In the original script, when Hunter’s mother-in-law pops by unexpectedly, Hunter was supposed to be building and painting a crib if I remember correctly. This felt too sentimental to me knowing her character’s arc. I wanted to visually show the mounting pressure of the pregnancy and the idea of motherhood while also showing the real disconnect and confusion going on within her mind. Using the existing yellow glass paneled doors in the house as an inspiration, I suggested to Carlo the idea of her putting up the red and blue colored gels for the floor to ceiling windows in the nursery. Along with my decorator, Frank Baran, we chose non-gendered, simplistic Scandinavian furniture and toy designs to decorate the space. Then in collaboration with our DP, Kate, who brilliantly and beautifully, lit, and framed the scene, I think we were able to illustrate the external and internal demons Hunter was battling.
Your other current film, The Quarry is supposed to be premiering next month. The Quarry has a lot different setting and vibe than Swallow. Between these two, which one was more challenging for you?
Swallow and Quarry both had very limited budgets and pre-production time which is really the crucial window for an art department. The challenge of Swallow was to create the believable world of their socio-economic wealth, while also having some very specific color and texture goals for the story. We spent a lot of time at estate sales, outlet stores and on chairish.com in order to achieve our goals. Quarry is a near period drama set in the late 1980s. Because of a variety of production needs, I was faced with multiple sets having one location as their exterior and another as the interior. The marrying of the two involves a fair amount of construction and scenic work that the film had originally not budgeted for. Because of some amazing and talented craftswomen in the New Orleans film community, I was able to pull this off.
The Quarry is based on an acclaimed novel by Damon Galgut. When you first signed on to the project was there time for you to go back and read the book? If not, how did you prepare for the film?
Similar to Swallow I had very little time between reading the script and heading to prep the project. Scripted for West Texas, but knowing we would be shooting outside of New Orleans, my first concern was making sure we were avoiding characteristics of the bayou region, such as the Spanish moss or above ground graves. Our director, Scott Teems, really wanted a timeless feel to our world; the idea that this small town wrestling with hard times could be anywhere in America. I used the photography of William Eggleston and Alec Soth as an inspiration to capture that mood.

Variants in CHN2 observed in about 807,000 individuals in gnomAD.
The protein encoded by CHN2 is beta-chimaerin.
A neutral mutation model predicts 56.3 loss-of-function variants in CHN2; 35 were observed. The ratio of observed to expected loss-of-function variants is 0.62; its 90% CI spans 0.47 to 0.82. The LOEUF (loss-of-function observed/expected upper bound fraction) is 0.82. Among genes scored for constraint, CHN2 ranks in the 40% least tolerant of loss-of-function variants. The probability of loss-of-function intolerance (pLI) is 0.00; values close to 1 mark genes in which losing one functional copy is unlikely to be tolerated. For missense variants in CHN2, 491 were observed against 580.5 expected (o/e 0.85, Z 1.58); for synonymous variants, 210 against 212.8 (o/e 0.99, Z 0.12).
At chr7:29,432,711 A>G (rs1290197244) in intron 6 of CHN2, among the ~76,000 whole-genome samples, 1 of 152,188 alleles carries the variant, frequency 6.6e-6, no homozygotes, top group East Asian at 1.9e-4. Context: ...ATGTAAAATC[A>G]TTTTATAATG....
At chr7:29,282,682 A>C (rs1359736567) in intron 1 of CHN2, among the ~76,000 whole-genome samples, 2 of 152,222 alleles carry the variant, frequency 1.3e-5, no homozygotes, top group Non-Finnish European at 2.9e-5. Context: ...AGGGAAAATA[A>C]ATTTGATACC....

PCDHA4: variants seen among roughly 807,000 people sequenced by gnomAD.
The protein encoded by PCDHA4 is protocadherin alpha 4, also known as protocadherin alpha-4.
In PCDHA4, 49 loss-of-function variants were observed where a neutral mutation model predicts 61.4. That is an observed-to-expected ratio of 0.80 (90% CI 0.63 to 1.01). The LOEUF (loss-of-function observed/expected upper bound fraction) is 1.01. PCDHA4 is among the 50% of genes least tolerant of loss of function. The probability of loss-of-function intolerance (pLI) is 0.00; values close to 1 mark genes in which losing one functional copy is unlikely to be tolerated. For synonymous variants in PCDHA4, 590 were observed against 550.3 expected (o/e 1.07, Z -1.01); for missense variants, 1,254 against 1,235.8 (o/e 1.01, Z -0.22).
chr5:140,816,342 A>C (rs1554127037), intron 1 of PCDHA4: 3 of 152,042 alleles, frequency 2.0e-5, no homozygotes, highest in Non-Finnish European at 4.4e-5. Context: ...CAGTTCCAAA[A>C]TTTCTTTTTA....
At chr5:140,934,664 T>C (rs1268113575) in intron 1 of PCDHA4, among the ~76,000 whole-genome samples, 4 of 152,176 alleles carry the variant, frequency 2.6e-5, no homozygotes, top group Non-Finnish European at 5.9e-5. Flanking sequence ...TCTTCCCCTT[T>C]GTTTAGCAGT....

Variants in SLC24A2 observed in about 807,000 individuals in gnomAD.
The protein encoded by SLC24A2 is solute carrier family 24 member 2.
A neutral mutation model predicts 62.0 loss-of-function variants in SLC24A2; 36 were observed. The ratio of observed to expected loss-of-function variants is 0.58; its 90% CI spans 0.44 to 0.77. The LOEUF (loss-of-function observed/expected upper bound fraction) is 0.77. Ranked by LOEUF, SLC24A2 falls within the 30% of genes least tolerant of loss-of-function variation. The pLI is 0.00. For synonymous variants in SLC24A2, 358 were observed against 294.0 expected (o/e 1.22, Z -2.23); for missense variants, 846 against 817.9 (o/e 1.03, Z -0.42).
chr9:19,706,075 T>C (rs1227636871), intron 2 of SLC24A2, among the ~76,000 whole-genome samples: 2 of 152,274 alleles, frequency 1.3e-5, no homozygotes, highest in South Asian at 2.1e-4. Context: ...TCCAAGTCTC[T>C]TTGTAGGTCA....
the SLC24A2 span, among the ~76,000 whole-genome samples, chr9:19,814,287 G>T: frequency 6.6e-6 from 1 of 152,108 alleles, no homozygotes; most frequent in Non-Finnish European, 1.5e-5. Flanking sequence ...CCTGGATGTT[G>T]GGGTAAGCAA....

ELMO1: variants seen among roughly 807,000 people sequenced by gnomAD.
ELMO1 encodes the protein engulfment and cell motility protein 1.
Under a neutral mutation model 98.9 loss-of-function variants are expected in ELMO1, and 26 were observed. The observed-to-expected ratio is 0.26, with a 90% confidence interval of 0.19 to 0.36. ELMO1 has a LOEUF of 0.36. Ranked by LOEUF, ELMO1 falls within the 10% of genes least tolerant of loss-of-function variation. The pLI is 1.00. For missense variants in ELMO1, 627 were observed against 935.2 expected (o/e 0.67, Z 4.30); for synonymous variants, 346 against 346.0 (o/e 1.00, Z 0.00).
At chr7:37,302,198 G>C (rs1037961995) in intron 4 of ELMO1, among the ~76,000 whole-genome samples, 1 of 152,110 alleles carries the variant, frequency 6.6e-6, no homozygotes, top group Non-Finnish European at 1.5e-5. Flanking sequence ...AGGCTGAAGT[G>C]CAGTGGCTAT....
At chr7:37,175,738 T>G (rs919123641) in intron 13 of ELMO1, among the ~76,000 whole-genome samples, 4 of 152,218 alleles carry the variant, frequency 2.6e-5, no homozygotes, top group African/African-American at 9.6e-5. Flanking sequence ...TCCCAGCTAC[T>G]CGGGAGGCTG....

You’ve worked on both TV (Twenties) and feature films. How is the role of the production designer different based on the medium?
The biggest difference is with film you know the whole story up front and can design for the scope of that accordingly. With TV, sometimes you may just be designing the pilot, or may not have all the scripts for a season. Yes, there are conversations with the showrunners, but the story still may change, so it’s really about establishing the tone and mood of the show – even if the sets and story change along the way. It’s getting to know the key characters and what they may represent visually.
Your resume is very diverse — horror, comedy, drama. Do you have a favorite genre, design wise?
I’m attracted to layered and flawed characters that speak honestly to the human experience. The stories we haven’t seen or heard before on screen. Yes, as a designer, of course, world building is enticing, but that doesn’t mean I only want to work in period films, whether it’s drama or horror, when reading a script, if I’m drawn to the world or a character that’s usually the spark. Creating an authentic world true to the story is what drives me, sometimes that involves the design being front and center, but more often that not, if I’ve done my job right, a viewer doesn’t even notice the work I’ve done, it’s that believable.
Many thanks to Erin Magill for taking the time for this interview.